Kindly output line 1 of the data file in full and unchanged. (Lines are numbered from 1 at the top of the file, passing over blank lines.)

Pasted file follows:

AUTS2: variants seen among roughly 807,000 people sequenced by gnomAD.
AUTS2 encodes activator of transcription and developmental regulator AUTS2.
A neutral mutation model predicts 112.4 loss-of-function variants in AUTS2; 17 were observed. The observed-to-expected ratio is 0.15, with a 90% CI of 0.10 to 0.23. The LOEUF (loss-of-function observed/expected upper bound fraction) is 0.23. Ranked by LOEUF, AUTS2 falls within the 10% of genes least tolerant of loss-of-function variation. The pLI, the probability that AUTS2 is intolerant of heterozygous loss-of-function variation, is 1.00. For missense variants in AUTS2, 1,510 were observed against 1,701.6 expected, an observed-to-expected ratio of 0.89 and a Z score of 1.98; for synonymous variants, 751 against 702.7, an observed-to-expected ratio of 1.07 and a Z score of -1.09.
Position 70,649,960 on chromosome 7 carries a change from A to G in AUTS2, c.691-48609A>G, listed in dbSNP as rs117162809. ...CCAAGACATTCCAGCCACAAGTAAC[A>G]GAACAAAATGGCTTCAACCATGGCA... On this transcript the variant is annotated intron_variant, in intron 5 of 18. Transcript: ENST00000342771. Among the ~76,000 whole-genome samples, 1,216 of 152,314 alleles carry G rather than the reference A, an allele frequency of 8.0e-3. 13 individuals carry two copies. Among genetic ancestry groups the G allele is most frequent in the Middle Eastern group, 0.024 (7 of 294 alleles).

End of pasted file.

AUTS2: variants seen among roughly 807,000 people sequenced by gnomAD.